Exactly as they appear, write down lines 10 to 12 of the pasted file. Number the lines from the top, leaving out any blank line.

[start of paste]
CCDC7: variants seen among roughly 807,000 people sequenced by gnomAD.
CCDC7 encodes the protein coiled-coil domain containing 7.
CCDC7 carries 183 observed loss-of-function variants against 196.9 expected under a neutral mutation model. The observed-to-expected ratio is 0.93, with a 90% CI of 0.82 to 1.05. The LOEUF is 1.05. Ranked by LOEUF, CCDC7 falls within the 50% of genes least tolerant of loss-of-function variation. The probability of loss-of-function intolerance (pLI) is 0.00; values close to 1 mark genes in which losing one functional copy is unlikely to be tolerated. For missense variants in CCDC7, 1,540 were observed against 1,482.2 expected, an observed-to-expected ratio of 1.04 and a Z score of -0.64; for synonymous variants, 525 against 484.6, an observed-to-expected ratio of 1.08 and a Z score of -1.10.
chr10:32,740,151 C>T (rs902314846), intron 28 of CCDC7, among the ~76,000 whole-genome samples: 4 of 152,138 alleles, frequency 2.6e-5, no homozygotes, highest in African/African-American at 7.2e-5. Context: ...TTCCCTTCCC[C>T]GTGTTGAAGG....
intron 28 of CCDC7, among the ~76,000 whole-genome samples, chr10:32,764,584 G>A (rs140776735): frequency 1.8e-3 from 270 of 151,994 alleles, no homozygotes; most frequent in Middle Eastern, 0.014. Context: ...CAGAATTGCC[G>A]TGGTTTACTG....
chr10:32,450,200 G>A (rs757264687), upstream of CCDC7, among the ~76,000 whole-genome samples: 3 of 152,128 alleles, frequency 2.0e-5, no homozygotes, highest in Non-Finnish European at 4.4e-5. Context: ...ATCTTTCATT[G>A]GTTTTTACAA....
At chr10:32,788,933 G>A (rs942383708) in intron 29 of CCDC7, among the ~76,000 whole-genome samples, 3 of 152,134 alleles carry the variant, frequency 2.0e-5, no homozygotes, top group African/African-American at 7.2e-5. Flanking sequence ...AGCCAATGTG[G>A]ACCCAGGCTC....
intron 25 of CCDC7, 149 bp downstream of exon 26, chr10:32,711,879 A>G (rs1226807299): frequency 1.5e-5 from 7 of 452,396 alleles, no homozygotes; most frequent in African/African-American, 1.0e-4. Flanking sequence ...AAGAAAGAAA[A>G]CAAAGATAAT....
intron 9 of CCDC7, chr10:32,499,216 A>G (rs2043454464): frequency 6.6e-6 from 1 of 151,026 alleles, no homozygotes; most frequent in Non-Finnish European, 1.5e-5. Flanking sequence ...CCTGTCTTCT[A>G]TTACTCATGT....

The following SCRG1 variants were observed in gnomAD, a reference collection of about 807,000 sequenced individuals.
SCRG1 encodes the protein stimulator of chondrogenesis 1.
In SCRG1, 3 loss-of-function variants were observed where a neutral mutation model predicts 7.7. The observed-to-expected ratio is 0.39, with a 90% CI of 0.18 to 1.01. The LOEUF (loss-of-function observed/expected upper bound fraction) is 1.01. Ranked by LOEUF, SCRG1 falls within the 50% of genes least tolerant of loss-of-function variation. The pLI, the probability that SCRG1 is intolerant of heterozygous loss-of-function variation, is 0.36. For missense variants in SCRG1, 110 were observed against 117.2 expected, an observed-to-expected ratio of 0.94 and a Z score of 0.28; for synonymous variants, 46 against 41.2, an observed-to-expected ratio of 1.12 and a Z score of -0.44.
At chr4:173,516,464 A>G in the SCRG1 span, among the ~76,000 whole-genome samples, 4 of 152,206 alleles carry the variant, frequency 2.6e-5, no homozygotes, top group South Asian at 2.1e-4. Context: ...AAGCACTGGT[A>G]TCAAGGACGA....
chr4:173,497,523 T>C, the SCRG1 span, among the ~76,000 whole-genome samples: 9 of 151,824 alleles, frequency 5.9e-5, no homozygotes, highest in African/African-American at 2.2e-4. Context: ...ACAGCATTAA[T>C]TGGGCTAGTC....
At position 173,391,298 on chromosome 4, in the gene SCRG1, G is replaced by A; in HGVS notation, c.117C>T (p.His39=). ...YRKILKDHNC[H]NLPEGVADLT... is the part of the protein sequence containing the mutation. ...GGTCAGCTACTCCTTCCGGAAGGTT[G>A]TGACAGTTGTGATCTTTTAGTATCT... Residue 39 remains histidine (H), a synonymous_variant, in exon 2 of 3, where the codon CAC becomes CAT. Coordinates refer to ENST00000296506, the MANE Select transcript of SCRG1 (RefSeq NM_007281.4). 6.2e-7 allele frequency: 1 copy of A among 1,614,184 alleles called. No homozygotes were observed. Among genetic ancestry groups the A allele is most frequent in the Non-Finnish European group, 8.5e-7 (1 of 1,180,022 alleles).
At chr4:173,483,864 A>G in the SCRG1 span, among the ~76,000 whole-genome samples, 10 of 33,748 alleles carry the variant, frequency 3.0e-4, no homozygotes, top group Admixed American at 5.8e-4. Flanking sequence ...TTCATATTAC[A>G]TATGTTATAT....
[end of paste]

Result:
The following SCRG1 variants were observed in gnomAD, a reference collection of about 807,000 sequenced individuals.
SCRG1 encodes the protein stimulator of chondrogenesis 1.
In SCRG1, 3 loss-of-function variants were observed where a neutral mutation model predicts 7.7. The observed-to-expected ratio is 0.39, with a 90% CI of 0.18 to 1.01. The LOEUF (loss-of-function observed/expected upper bound fraction) is 1.01. Ranked by LOEUF, SCRG1 falls within the 50% of genes least tolerant of loss-of-function variation. The pLI, the probability that SCRG1 is intolerant of heterozygous loss-of-function variation, is 0.36. For missense variants in SCRG1, 110 were observed against 117.2 expected, an observed-to-expected ratio of 0.94 and a Z score of 0.28; for synonymous variants, 46 against 41.2, an observed-to-expected ratio of 1.12 and a Z score of -0.44.